CLOSE
MENUCLOSE

How Your Period Affects Your Exercise Schedule—And What To Do About It

Culture
Illustration by Emily Tarbush

How to make your period work for you

It’s tempting to hide under the covers and binge on Netflix when your PMS or a particularly heavy period strikes. For many women, our hormonal fluctuations last throughout the month, not just when we’re actually menstruating, and this can make for some up-and-down workout results and body feels. The good news is that exercise can help. The bad news is that, to make it work for you, you need to be a bit of a body detective. So when should you just chill in the AC at home? When should you use those hormones to rage in a CrossFit session? And when should you cry it out in restorative yoga?

The first step: get to know your cycle. "Keep a journal. These days my clients are all about tracking every little move,” says women’s health and athlete expert Dr. Stacy Sims. "They have activity trackers and sleep monitors and apps that help them analyze every morsel they put into their mouths. Yet I’m surprised how few women make note of their menstrual cycle and how they feel during it.”

She recommends using an app or just making a few notes in your calendar, marking not just when you’re bleeding but when you’re experiencing PMS symptoms and how you feel after certain workouts.

Then, look for patterns. While there are some general rules of what each part of your cycle will do to your body, we all react differently to the flood of hormones that sweeps through our bodies throughout the cycle—and a cycle is rarely the perfect 28 days, so knowing how often you’re actually starting a new cycle can be great intel.

"As you train through several cycles, pay attention to how your body reacts and responds to training during each phase,” Sims adds. "It’ll help you identify when you’re strongest and when you need to put in a little extra work for the performance you want."

Once you have that under control, it’s time to look at the stages of our cycles, and what makes the most sense from a workout perspective during each one.

During PMS
Yeah, it’s the worst and you might not want to get to the gym. But a 2013 study showed that women who engaged in aerobic activity actually lessened their symptoms of PMS, from bloating to headaches to cramping. Even if you’re feeling too crappy to hit that CrossFit class, swap the weight-lifting for a gentler form of cardio, like a brisk walk or chill jog. The movement can help keep your gut moving along, which might aid in decreasing that bloat and help you avoid the water retention that’s typical during this time.

You may need to slow your roll though—studies have shown that your reaction to heat during this phase may be less than optimal since your core temperature may be a bit elevated, so try to get your cardio in in shady areas or an air-conditioned gym, and make sure to re-hydrate after training!

Pro Tip: Right before your period, you may experience some gut distress, so if you know you tend to deal with diarrhea right before and during your cycle, plan a run route with restrooms in mind!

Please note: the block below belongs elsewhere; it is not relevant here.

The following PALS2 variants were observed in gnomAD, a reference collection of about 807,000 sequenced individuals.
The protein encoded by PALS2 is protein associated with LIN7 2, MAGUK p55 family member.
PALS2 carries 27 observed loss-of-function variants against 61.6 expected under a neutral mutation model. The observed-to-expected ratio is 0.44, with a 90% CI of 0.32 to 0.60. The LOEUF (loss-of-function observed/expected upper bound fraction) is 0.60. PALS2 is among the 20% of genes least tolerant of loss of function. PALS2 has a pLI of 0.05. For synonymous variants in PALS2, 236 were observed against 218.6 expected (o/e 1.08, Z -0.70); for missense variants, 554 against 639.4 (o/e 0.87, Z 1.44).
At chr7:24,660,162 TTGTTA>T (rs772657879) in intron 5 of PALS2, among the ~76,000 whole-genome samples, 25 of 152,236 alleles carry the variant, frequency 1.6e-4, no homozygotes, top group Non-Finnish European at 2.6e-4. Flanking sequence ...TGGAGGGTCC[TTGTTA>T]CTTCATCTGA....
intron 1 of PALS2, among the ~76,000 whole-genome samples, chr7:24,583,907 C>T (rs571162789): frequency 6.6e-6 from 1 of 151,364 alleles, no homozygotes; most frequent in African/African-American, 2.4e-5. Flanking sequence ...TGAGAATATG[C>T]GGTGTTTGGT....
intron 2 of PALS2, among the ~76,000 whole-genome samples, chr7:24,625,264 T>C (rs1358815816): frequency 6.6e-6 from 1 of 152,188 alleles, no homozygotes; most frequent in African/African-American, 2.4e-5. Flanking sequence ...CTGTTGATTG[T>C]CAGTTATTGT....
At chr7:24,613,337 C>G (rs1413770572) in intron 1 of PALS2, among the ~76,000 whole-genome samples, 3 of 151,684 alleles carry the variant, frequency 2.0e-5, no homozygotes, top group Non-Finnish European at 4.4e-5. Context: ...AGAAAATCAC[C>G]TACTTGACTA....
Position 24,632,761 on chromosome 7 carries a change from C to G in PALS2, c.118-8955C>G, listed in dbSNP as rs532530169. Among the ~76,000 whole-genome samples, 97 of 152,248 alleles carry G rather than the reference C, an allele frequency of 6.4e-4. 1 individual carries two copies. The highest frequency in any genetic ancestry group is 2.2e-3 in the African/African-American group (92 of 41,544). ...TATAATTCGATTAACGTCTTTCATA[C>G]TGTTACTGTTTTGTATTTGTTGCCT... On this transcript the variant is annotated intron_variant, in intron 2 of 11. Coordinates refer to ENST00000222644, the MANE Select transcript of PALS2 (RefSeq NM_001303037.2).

During Your Period
The weird but good news: Your performance doesn’t actually suffer when you’re on your period. Let’s be honest, part of that might be because you’re angry at the world and feel the need to rage, making those CrossFit Workouts of the Day super-intense. That’s great, go with that feeling.

In ROAR: How to Match Your Food and Fitness to Your Unique Female Physiology for Optimum Performance, Great Health, and a Strong, Lean Body for Life by Sims, she recommends supplementing with branched-chain amino acids (especially leucine) during your period. You’ll skip the feelings of fatigue and that general funky brain fog feeling, she explains.

Pro Tip: Do what feels right for you, and try to be in touch with your body during your period, really letting yourself listen to what it needs. Alyssa Vitti, the author of WomanCode: Perfect Your Cycle, Amplify Your Fertility, Supercharge Your Sex Drive, and Become a Power Source, notes that this part of your cycle is when you’re most primed for self-analysis and course correction, so if you’re really feeling SoulCycle versus a boot camp class, grab those spin shoes and have fun.

After Your Period
You’re now in the follicular and ovulatory phases, which last about two weeks. You’ll likely be feeling more energized and revitalized, so this is a great time for those group workouts and trying new classes at the gym. If you are trying to drop a few pounds for health reasons, this is also going to be the easiest time of the month to eat cleaner and lighter, as you won’t be feeling quite as many cravings.

Pro tip: This is your energy high point for the month, so make the most of it. That might mean planning your hardest workouts for this week or even hopping into a 5K on these weekends.

What About Birth Control?
Bad news: Unless you’re using a non-hormonal form of birth control, your hormones aren’t going to be working exactly as your body prefers. That doesn’t mean they aren’t still working for you, just that things like your progesterone will be higher throughout the month versus ebbing and flowing. So expect to feel less of the effects of each cycle if you’re relying on a hormonal birth control.

Pro tip: If you don’t feel like your birth control is working for you—if you’re experiencing worse PMS symptoms, hoping to shift to a less hormone-heavy method, or having extremely heavy flows, talk to your gynecologist sooner rather than later. It’s very possible that there’s a better method out there for you!